Monday, January 31, 2011

Foreshadowing and Compare/Contrast in FoR

Tolkien uses foreshadowing of the impact of the quest on all the people groups of Middle Earth in the first several chapters of Fellowship. Dwarves, Elves, Hobbits, and Men are all mentioned early on: dwarves help Bilbo with party preparations, Gildor (an elf) encounters Frodo and his companions (hobbits) in the woods of the shire, and the "Big Folk" are mentioned throughout. The inclusion of these people groups signifies the far reaching power of the Ring and that no corner of Middle Earth will go unscathed.

Tolkien compares and contrasts Bilbo's original journey with the quest Frodo begins. Frodo begins his journey by taking the same route from home that Bilbo travelled and heading toward Rivendell. This is Frodo's "maiden voyage" just as Bilbo's adventure was his first expedition out of the Shire. However, the tone of Frodo's travels is more sinister than Bilbo's somewhat comical start out from Bag End. Frodo sets out to destroy, Bilbo worked to regain and conquer. Bilbo flees his hobbit hole because of a stubborn wizard, whereas Frodo gets out from under his hill just in time to avoid one of Sauron's most feared servants. The overall theme of the first installment of the Lord of the Rings is much darker and more mature than The Hobbit's fanciful and fun adventures.

4 comments:

Luthien said...

As I read, I found it really interesting that Tolkien put in those little "hints" and reminders of how Bilbo left the Shire and contrasting/comparing them with the way that Frodo leaves. I think this contrast can be extended to when Bilbo and Frodo each return home. The darker tone of FotR and more serious & dangerous adventure that Frodo experiences causes him to be even more changed than Bilbo was when he returned. Because of this, Frodo must leave the Shire for good not long after he returns, whereas Bilbo is content for a while to live in his hole - though, in the end, he also leaves the Shire for good.

Sorry - I don't want to totally change the topic of this post, but I wonder what this leaving-of-the-Shire could signify on a larger, deeper scale - why did Bilbo and Frodo ultimately leave their homeland (and I don't like the "they missed the land outside the Shire" kind of answer)? I'm sure we'll discuss this more when we read Return of the King, but I think there are clues in the beginning of FotR about Bilbo leaving that might shed some light on the matter.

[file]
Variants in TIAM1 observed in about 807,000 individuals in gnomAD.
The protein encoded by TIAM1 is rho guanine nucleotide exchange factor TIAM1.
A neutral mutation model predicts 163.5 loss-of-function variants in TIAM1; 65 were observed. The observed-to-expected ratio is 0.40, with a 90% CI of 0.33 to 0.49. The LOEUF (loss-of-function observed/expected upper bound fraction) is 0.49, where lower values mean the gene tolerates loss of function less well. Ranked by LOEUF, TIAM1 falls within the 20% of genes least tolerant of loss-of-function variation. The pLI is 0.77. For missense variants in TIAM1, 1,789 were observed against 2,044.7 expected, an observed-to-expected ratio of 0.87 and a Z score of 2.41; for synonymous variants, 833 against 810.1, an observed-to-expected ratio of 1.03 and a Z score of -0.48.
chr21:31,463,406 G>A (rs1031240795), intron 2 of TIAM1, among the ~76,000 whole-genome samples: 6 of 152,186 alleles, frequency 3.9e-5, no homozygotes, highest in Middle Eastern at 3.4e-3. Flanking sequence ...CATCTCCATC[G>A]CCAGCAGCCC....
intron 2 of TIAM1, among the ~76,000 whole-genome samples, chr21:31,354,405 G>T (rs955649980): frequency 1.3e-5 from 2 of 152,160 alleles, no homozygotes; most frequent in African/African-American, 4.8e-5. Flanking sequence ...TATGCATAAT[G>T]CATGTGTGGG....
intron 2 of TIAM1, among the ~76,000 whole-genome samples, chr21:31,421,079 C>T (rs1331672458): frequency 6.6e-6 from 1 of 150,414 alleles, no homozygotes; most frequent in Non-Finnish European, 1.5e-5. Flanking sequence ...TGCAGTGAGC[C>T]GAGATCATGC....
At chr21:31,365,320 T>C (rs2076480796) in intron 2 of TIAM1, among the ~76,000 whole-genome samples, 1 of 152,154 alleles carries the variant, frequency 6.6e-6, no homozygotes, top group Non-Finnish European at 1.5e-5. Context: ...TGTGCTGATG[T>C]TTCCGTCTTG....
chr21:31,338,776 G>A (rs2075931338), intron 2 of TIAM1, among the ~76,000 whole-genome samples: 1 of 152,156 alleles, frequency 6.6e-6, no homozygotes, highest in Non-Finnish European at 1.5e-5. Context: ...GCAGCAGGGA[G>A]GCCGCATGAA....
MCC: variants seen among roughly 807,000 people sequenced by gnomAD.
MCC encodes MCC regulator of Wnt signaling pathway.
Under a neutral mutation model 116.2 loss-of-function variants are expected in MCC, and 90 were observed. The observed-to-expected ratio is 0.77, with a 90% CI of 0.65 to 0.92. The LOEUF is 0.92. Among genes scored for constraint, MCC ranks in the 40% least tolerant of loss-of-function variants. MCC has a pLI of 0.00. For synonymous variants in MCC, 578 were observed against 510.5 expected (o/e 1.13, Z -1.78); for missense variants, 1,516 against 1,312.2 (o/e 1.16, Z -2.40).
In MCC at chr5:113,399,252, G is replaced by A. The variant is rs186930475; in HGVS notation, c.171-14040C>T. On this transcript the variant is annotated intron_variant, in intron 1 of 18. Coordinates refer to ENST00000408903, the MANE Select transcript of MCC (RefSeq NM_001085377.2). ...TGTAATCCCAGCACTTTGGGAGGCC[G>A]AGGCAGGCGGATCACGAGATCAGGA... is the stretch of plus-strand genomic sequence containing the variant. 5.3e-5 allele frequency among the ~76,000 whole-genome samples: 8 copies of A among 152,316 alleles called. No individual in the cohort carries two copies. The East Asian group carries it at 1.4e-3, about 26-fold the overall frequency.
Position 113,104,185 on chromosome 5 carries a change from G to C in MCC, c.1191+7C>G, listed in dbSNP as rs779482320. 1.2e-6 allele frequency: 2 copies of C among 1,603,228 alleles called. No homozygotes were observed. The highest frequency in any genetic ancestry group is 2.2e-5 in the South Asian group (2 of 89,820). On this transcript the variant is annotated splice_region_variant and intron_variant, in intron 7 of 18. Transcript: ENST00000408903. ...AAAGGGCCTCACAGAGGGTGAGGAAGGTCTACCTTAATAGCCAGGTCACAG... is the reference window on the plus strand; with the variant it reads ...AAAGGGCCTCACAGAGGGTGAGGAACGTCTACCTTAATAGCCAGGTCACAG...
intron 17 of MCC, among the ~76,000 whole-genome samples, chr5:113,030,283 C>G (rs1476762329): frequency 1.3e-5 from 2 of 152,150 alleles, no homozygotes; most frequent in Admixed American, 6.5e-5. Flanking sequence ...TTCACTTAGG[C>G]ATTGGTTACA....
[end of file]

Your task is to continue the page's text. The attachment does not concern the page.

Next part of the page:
Miriel said...

This is an interesting question to ponder. I think one of the reasons, that is probably obvious, is Bilbo and Frodo are different, in a way, from all the other hobbits, including Sam, Merry, and Pippin. They have something in them that is very essential to accomplish the journeys they did.
Another thought I have is the power of the rings compels the possessor to become an outcast and hide themselves away from society. Gollum hid himself away in the woods after he found the ring, and Bilbo said he wanted to live his life in the wilderness (before he handed over the ring). Of course, this is a different from the reason why Bilbo left the Shire in The Hobbit.

Elwing said...

In comparing Bilbo and Frodo's journeys I think it is important to remember their relationship with the elves. Both hobbits are known to the elves, know some of their history, and speak their language. Frodo is also called "Elf Friend". This forshadows that Bilbo and Frodo will follow the elves over the sea to the Undying Lands. Even though they return to the Shire differently, they both leave Middle Earth together in places of honor with the elves.

Radagast said...

I think it's also interesting to compare how Bilbo and Frodo each take the news of their impending journey. Bilbo doesn't really want to go, but there is definately a part of him that wants to go and prove himself. However, he is still practically pushed out of his door to actually leave. On the other hand, Frodo really doesn't want to go. There might be a small part of him that desires to follow Bilbo, but it was never enough for him to actually go. But when the time comes and he must, Frodo makes his own decision to go and leaves willingly (to some extent). I'm not sure all of that made sense, but what I'm getting at is it's interesting how Biblo more-so wants to go and is shoved out of his door, whereas Frodo more-so doesn't want to go but leaves on his own.